The salvage codes is a business killer for the future of body shops. This issue features some more interesting developments on the car’s ability to continue upwards and onwards. There are some questionable developments from SA insurance companies who seem to be treating the Code 2 damaged vehicles as a hawkable commodity to be sold at any auction house to the highest bidder. These wrecks are then repaired all too often without any professional standards and often reappear some while later on local roads.  These rebuilds are mostly candidates for collision failure the second time around.

Anomalies about these Code 2’s are plentiful. Re-registering these units is an E-Natis art as they often contain microdots and other parts from stolen vehicles. It is time, we say, as many other repair body shops in South Africa are saying, that we highlight the lack of profitability being endured by many shops in the industry because of this.

We seem to be at a cross roads on the drive to sustainability. Another argument is if a vehicle is not economical to repair properly by trained people with all the right equipment, then why would it be economically viable for anybody else unless certain shortcuts are taken, possibly at the trade-off of safety, or promoting the use of stolen parts.

There is now another government enquiry taking place right now which may back up the Competitions Comission cross industry forum. It looks like some of these key insurance industry salvage codes, which were introduced in 2014, will come under the microscope for fairness to the consumer.

Ironically the salvage code sets out to help consumers, while in real world terms, the reverse seems to happen. For years insurers have been claiming that they only realise a 5% overall return on profitability for car policies. The 5% profit in relation to premium income is a huge amount of money and should result in an excellent return on investment for insurers as the income is derived from a monthly premium and no physical activity needs to be performed to earn this income other than to manage the overhead costs.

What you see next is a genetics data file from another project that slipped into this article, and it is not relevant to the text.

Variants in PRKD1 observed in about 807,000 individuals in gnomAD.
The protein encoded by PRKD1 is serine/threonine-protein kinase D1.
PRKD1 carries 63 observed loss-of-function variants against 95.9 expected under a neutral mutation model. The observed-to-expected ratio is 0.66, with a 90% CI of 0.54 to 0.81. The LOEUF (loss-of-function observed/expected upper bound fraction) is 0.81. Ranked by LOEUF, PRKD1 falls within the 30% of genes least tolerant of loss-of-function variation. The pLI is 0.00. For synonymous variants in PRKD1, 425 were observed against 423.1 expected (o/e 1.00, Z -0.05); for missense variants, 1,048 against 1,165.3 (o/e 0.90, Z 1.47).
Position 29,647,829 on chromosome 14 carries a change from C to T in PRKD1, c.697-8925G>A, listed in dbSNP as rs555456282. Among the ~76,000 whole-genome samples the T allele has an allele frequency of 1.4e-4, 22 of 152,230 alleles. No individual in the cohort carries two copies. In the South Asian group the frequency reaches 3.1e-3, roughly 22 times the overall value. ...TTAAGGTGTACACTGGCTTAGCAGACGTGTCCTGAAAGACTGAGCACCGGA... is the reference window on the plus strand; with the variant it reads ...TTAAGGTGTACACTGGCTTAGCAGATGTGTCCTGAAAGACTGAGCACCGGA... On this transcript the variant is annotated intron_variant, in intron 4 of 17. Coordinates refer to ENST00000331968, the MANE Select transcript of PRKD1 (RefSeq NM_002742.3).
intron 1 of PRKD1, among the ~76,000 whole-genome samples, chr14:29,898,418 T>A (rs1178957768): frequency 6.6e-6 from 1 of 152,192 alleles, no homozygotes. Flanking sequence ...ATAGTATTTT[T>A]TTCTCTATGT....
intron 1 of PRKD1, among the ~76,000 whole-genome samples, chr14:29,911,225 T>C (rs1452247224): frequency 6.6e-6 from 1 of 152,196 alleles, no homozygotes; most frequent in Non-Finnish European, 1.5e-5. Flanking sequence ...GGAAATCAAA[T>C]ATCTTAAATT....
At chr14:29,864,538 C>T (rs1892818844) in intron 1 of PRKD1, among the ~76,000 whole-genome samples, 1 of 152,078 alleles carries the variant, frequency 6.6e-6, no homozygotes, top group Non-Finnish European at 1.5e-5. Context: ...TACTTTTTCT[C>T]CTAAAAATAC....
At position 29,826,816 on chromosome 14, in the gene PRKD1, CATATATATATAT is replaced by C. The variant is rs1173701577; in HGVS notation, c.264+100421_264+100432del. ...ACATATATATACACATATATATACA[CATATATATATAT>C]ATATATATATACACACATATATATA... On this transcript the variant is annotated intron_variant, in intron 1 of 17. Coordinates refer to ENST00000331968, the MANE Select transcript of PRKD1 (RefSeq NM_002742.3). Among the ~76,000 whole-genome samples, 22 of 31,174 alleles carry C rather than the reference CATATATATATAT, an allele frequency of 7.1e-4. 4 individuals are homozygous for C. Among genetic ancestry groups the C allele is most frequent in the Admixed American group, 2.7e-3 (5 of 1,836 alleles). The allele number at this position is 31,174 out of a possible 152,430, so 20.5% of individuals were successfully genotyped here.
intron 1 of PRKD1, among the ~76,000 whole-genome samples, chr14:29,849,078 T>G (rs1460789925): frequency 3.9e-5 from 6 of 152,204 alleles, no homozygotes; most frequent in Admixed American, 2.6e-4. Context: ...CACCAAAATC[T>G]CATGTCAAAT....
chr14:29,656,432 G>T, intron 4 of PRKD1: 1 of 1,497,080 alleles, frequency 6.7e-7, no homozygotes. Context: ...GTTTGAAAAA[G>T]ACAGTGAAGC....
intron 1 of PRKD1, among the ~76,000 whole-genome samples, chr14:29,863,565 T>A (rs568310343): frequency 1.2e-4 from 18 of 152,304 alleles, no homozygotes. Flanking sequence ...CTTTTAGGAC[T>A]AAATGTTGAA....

It must be understood that 5% profit for a repairer reflects a percentage of a total different income base where it relates directly to actual work being performed.

So the time is ripe to review many areas of the salvage code on which the insurance industry profit. It has been foisted on the collision repair industry without any consultation with the body shop trade.

Questions should be asked such as who has decided that levels of uneconomical to repair levels should be set at 50%? Historically it used to operate at levels of over 60-70% of value. It’s all very well to introduce a code from Europe on salvage but you have to remember with only less than 30% of drivers carrying insurance cover locally, and write-off levels that could lie anywhere from as low as 40% up to over 60%, for not all insurers offer the same deal to the consumer. There is no transparency here at all.

A serious look at business parameters needs to take place to obtain a degree of transparency for the insured driver on taking out a policy of cover for their precious vehicle. For this trade, without work flow, we will never be able to deliver any type of meaningful development or any type of aspirational collision repair entrants going forward in the future – if all the nice repairs lie doomed in some scrapyard.

There are a few valid points regarding this issue; firstly the safety of repairing damaged vehicles – especially vehicles that are damaged extensively and then being declared a write-off or uneconomical to repair – is a problem for our trade.

It is common sense that these vehicles should not filter back onto the roads as code 2 vehicles or should at least go through proper scrutiny by a professional body – and by that I don’t mean the current roadworthy authorities – who are by no means experts on accident repairs.

In this instance insurance companies are certainly trading people’s safety for their own profitability and denying people with the right skills the opportunity to earn a living.

This is certainly not in line with a social responsibility for job creation in South Africa.